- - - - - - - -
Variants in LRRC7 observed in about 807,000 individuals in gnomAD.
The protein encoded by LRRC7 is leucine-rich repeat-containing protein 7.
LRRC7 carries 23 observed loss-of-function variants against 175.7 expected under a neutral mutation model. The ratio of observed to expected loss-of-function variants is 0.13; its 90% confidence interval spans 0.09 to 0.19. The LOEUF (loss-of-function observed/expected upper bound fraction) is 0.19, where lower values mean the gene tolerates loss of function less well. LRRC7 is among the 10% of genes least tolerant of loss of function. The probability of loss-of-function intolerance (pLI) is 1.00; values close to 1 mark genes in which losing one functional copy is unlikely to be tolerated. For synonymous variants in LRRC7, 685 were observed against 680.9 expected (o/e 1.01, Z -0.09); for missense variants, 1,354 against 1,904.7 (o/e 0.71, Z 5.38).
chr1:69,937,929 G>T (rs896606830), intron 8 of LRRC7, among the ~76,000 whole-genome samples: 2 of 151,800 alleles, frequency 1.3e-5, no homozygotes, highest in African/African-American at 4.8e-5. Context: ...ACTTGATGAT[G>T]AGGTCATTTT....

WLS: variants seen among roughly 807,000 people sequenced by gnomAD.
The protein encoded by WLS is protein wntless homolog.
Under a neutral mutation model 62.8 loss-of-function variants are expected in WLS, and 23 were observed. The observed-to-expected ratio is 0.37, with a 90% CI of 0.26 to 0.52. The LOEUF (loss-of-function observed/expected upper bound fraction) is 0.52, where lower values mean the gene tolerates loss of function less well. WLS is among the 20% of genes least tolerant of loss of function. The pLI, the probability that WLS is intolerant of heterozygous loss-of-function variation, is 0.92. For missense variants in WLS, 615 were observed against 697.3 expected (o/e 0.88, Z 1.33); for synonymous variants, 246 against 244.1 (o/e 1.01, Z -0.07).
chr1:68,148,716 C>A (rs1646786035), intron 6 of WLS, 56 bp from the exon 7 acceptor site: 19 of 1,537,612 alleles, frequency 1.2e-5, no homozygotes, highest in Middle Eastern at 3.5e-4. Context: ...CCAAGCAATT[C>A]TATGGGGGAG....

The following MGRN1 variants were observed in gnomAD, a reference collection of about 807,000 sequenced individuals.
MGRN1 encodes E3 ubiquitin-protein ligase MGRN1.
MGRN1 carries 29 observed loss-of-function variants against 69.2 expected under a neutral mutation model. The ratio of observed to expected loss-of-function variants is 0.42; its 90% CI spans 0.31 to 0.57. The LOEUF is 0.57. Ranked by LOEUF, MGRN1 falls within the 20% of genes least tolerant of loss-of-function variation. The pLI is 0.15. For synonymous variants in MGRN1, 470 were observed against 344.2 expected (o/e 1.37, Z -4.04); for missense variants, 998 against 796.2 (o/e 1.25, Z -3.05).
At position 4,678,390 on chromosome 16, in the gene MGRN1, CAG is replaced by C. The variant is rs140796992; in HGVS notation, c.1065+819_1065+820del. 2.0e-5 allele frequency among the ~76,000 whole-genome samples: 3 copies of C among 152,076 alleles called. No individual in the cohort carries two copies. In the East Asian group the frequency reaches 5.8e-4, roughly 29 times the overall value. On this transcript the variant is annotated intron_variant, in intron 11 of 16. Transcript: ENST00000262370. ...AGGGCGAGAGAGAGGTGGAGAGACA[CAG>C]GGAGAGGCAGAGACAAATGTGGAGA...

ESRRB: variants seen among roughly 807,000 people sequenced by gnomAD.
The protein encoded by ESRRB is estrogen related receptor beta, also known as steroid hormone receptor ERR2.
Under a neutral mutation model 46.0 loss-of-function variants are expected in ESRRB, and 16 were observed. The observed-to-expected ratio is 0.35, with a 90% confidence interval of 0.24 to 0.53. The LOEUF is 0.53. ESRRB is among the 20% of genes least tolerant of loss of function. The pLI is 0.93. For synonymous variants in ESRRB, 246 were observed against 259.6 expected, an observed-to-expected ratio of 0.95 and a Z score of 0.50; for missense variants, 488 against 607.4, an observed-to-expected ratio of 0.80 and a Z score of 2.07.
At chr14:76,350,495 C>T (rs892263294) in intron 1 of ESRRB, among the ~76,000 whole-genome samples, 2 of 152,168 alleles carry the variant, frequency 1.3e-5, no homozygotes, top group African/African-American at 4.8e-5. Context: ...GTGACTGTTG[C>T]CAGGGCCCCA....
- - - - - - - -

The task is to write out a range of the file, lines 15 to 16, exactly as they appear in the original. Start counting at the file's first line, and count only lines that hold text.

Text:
Under a neutral mutation model 46.0 loss-of-function variants are expected in ESRRB, and 16 were observed. The observed-to-expected ratio is 0.35, with a 90% confidence interval of 0.24 to 0.53. The LOEUF is 0.53. ESRRB is among the 20% of genes least tolerant of loss of function. The pLI is 0.93. For synonymous variants in ESRRB, 246 were observed against 259.6 expected, an observed-to-expected ratio of 0.95 and a Z score of 0.50; for missense variants, 488 against 607.4, an observed-to-expected ratio of 0.80 and a Z score of 2.07.
At chr14:76,350,495 C>T (rs892263294) in intron 1 of ESRRB, among the ~76,000 whole-genome samples, 2 of 152,168 alleles carry the variant, frequency 1.3e-5, no homozygotes, top group African/African-American at 4.8e-5. Context: ...GTGACTGTTG[C>T]CAGGGCCCCA....